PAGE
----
It seems that denormalization is done on a case-by-case basis. If you do decide to denormalize your tables for efficiency, make sure you are thoroughly testing your queries. As @Pieter Geerkens mention
Every redundancy made for for the purpose of one specific query will slow down all other queries, inserts, and updates against the same data.
That is denormalizing while may speed up some gains, there are very huge costs in not only speeds of other queries, but also in scalability. It's important to take these all into consideration along with other ways to improve performance.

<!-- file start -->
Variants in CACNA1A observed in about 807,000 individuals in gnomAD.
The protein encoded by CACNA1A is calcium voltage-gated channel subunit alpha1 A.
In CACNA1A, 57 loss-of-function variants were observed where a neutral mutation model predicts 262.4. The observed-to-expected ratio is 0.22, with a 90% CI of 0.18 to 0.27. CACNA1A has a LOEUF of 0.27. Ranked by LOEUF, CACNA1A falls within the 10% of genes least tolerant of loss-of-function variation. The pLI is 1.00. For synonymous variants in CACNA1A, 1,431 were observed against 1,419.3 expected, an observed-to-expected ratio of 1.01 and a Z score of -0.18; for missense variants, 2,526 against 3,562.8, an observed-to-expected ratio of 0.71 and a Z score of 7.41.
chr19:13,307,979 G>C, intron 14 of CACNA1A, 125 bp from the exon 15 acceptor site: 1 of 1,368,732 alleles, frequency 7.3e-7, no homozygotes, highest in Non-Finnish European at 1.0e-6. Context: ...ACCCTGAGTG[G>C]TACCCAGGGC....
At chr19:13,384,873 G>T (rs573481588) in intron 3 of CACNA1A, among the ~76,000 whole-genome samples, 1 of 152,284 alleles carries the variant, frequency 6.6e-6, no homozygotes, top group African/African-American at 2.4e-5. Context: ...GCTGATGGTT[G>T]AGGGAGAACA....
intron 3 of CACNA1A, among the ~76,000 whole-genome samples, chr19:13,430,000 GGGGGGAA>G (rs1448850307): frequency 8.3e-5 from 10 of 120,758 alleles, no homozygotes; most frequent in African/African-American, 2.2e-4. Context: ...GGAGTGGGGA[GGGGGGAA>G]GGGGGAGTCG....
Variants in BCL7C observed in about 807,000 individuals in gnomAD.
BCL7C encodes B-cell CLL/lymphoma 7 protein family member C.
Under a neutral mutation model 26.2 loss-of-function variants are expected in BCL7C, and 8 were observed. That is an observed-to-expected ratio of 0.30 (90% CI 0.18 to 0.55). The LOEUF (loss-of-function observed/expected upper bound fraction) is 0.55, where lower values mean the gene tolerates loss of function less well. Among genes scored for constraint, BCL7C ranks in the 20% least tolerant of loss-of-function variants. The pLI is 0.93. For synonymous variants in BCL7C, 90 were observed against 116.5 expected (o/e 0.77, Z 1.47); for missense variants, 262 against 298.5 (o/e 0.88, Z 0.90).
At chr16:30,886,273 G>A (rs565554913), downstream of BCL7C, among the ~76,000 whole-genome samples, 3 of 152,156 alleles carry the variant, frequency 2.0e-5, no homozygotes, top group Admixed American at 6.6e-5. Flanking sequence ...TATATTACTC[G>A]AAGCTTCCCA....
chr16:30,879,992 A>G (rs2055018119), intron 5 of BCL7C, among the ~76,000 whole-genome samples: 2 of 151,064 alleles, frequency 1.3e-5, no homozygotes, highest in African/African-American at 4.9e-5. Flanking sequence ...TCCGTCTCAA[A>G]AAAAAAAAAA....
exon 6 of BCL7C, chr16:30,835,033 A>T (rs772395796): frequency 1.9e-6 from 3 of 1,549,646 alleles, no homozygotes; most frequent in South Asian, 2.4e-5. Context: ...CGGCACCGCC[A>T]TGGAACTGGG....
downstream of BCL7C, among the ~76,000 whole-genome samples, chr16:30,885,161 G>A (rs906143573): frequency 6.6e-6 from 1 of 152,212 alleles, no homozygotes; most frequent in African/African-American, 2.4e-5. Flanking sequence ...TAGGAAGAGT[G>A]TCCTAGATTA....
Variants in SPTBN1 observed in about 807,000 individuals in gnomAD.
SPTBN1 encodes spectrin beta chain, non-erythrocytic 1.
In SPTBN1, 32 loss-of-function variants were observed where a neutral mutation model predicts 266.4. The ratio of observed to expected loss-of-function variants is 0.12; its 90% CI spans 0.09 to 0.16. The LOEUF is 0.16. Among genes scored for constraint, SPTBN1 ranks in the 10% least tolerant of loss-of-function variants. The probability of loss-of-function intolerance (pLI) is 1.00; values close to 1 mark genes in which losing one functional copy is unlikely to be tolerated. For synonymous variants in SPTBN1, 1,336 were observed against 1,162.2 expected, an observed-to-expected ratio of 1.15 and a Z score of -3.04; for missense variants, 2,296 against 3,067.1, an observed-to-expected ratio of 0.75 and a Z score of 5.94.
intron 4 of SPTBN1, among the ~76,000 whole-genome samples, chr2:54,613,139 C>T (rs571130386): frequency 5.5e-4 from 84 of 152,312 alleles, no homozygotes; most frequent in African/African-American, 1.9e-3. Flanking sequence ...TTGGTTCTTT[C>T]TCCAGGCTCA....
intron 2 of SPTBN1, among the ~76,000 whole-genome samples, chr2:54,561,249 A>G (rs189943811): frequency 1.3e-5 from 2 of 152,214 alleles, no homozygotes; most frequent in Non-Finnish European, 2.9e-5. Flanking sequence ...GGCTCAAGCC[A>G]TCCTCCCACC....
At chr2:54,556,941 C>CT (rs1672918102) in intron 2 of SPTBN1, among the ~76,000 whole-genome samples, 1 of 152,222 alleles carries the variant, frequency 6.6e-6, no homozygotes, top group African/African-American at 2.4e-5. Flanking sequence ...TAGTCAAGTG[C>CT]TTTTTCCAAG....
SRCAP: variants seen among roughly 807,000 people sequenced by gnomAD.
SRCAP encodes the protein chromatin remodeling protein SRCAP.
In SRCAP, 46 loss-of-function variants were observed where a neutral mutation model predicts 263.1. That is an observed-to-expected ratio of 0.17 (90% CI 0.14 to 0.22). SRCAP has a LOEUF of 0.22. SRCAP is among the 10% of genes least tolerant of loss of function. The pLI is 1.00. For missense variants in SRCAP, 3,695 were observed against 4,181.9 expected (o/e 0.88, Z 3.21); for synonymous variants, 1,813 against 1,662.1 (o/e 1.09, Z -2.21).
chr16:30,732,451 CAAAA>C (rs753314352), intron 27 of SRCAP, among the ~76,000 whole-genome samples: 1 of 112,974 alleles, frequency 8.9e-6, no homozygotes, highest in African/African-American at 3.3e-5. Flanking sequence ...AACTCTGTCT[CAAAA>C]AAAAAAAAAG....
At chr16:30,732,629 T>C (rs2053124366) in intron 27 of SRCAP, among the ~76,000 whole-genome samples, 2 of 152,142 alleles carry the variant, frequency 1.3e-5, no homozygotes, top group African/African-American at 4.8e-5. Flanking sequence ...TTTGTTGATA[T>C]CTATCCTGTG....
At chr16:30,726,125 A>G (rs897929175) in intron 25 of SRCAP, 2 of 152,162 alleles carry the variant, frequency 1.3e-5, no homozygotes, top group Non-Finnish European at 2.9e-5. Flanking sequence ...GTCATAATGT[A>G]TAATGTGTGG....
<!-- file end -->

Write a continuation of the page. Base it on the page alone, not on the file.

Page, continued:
In short, I'll end it with a quote from Chris Date who wrote the book Database in Depth: Relational Theory for Practitioners:
I believe firmly that anything less than a fully normalized design is strongly contraindicated ... [Y]ou should "denormalize" only as a last resort. That is, you should back off from a fully normalized design only if all other strategies for improving performance have somehow failed to meet requirements.
- Scaling Secret #2: Denormalizing Your Way To Speed And Profit
- Database War Stories #3: Flickr